On the technical side, you should include project-based implementors, who are responsible for implementing the configurators and supporting them post-implementation. Also, support engineers, who own technical support tickets from operations, maintain help files and support materials, and provide internal training. And, of course, manufacturing leads, with their technical knowledge of product specifications, tooling, manufacturing processes, and timelines.
Are you ready for CPQ implementation? Because it takes time, resources, change, and much organizational alignment to get it right. If you can answer the following questions clearly and succinctly, then you’re on the right track:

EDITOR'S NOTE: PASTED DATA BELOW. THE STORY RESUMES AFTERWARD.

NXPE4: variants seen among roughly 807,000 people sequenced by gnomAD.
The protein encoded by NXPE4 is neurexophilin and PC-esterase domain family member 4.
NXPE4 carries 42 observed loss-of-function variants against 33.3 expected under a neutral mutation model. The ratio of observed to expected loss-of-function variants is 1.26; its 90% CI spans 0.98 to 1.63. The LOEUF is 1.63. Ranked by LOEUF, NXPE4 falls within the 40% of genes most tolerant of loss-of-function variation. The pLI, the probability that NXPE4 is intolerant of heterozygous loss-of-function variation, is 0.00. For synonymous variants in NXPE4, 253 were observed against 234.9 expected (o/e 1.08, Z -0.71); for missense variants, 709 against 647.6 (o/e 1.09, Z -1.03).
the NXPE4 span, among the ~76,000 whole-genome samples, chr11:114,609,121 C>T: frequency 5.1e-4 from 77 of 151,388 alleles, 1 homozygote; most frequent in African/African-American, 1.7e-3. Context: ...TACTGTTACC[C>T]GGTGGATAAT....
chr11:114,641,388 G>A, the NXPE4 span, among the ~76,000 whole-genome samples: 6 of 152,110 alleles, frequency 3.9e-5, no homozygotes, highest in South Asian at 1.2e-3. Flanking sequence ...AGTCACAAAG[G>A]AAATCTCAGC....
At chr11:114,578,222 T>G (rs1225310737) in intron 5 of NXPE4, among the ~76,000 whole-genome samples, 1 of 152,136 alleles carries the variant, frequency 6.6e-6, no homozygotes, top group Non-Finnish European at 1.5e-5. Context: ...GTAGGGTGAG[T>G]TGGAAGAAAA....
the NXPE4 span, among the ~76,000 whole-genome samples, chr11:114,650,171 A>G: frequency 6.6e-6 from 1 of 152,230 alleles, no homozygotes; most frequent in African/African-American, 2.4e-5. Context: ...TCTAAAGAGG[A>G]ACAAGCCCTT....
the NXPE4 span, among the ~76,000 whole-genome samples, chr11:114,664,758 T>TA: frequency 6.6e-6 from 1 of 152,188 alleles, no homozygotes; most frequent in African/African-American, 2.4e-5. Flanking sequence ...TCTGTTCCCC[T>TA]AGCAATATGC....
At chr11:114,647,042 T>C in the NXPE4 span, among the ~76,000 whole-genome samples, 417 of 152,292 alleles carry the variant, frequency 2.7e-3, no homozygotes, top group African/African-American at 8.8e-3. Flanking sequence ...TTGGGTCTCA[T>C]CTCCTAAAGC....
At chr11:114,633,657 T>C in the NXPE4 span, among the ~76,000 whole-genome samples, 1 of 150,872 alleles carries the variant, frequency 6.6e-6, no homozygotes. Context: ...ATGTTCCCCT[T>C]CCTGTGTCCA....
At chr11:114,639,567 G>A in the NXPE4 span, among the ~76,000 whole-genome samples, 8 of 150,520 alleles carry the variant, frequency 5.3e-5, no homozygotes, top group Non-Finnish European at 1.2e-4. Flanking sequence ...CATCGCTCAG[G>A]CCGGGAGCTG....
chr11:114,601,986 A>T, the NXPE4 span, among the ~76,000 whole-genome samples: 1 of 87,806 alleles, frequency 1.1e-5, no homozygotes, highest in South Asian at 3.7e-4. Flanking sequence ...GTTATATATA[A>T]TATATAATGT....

Next, and this is perhaps THE most important question to ask:
Why are you implementing CPQ? What are you trying to achieve? Do you want to reduce time-to-quote, increase deal sizes, improve order accuracy, grow customer retention, or all of the above? Whatever your key business drivers, they should ground your implementation decision-making – design for outcomes, not features.
You’re 100% sold on the idea of CPQ – that’s great – but your employees have to see value in the project too for smooth implementation. Together, you should identify the gaps and friction points that CPQ will solve, educate team members on timelines, and discuss how CPQ will affect specific roles and statuses within the organization. Getting employees invested early in CPQ and the subsequent transformation creates a shared vision, turning passive users into CPQ ambassadors.